Taxi Drama

Amman, Jordan

I have, as my mother pointed out, been having a rash of blog-worthy taxi encounters recently. This is pretty unusual for me these days in Jordan. When I was here as a Peace Corps Volunteer, I must’ve had a more American accent or look, because people would immediately pick me out as a foreigner, and I had a lot of both interesting and uncomfortable encounters with taxi drivers. Now, though they may still think I look like a foreigner, the moment I speak Arabic with my heavy Bedouin accent, I guess people assume I must be Jordanian, or at least married to one. For taxi drivers, I think this means they don’t speak to me anymore because they’re afraid of what my family might do to them if they do.

Before I left with the Peace Corps, my mother said to me, “In Jordan, people will never mistake you for a native like they did in Switzerland.” And maybe, at first glance, that’s true. But it’s more than a family joke that Jordan is the Switzerland of the Peace Corps, or the Switzerland of the Middle East. Just as the Swiss don’t seem to believe that Swiss German can be learned as a second language, it also doesn’t seem to occur to most Jordanians that I might have learned Bedouin dialect as a second language. Most foreigners only speak fuS7a, what you might call Al-Jazeera Arabic, which isn’t anyone’s native language.) They’re so confused, they just treat me like an Arab.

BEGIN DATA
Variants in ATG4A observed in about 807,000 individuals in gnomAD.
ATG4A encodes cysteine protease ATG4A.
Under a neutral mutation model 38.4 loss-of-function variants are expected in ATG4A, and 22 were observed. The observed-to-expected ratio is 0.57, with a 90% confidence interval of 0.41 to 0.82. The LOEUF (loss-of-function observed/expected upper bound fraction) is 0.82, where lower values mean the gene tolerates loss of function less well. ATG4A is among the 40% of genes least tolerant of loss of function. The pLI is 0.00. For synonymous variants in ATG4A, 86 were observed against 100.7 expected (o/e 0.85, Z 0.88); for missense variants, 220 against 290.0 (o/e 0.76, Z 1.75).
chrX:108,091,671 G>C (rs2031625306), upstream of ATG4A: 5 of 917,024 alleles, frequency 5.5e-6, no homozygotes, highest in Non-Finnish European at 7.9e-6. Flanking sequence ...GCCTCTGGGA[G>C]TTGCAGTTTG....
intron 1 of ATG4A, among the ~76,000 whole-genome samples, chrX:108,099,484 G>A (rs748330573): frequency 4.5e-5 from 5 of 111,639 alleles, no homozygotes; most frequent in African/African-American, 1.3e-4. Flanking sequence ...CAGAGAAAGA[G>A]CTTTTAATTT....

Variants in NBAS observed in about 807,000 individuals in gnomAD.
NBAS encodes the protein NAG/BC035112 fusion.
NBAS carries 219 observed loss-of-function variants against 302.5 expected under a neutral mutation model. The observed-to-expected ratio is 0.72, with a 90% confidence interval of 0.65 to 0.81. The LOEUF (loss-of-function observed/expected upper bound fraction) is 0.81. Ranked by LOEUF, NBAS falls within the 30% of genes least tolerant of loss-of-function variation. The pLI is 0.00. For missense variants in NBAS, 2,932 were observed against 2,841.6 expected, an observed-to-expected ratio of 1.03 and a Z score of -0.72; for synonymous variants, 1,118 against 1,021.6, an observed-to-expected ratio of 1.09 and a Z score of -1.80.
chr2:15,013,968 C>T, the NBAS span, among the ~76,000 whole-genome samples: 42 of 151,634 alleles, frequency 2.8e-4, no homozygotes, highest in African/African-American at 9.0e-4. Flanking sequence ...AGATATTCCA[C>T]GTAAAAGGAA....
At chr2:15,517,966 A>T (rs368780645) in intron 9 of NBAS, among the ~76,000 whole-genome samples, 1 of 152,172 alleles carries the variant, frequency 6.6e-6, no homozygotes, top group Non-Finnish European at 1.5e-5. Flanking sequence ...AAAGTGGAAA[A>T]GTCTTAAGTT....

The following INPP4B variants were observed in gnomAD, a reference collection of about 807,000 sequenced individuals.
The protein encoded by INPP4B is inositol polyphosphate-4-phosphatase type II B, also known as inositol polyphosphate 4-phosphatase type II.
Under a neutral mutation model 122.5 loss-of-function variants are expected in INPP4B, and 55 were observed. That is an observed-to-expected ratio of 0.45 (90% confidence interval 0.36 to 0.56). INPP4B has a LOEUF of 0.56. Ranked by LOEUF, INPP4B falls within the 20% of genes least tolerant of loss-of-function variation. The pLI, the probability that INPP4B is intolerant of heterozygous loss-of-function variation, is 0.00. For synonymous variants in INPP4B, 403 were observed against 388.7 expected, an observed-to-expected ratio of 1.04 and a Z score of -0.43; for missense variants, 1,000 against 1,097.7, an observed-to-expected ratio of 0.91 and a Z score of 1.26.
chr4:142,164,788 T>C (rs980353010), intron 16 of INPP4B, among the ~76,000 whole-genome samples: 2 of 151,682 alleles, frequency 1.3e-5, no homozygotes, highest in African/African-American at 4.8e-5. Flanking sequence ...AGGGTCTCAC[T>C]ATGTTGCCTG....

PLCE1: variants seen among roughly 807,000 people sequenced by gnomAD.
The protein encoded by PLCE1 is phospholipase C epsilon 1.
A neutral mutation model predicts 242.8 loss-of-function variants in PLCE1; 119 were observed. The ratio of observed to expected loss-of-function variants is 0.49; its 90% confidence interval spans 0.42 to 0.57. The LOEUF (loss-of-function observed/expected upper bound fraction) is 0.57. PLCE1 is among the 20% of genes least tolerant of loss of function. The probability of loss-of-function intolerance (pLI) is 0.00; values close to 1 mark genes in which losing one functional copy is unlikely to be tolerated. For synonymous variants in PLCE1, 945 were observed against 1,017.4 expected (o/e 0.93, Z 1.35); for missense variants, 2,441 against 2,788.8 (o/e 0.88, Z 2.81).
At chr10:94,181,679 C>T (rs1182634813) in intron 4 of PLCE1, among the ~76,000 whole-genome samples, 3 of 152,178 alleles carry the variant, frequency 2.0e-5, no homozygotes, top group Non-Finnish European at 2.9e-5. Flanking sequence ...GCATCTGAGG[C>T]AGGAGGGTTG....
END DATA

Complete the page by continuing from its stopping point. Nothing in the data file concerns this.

Most of the time. Then occasionally I get taxi drivers like this morning. I get in the cab and tell him where I want to go. He starts to drive away, and then says, “Five dinar, right?” It rarely costs me more than JD 1.75.
“No!” I say in outrage. “By the meter, or you can let me out right here!”
“But you’ll give me a half dinar tip, right?” Though not quite illegal, tipping is strongly discouraged by the Jordanian government. Still, I earn a very lucrative salary by Jordanian standards, and while it’s just enough to cover my student loans back home, the Returned Peace Corps Volunteer in me feels guilty, and I usually tip generously. Unless taxi drivers try to rip me off, in which case I hardly feel that a penny extra is warranted! So I say, “Of course not! I come and go this route every day by the meter!”
And then, inevitably, the guy’s got no clue where he’s going, but when I give him directions, he either sneers at me in the rearview or tells me I’m wrong….

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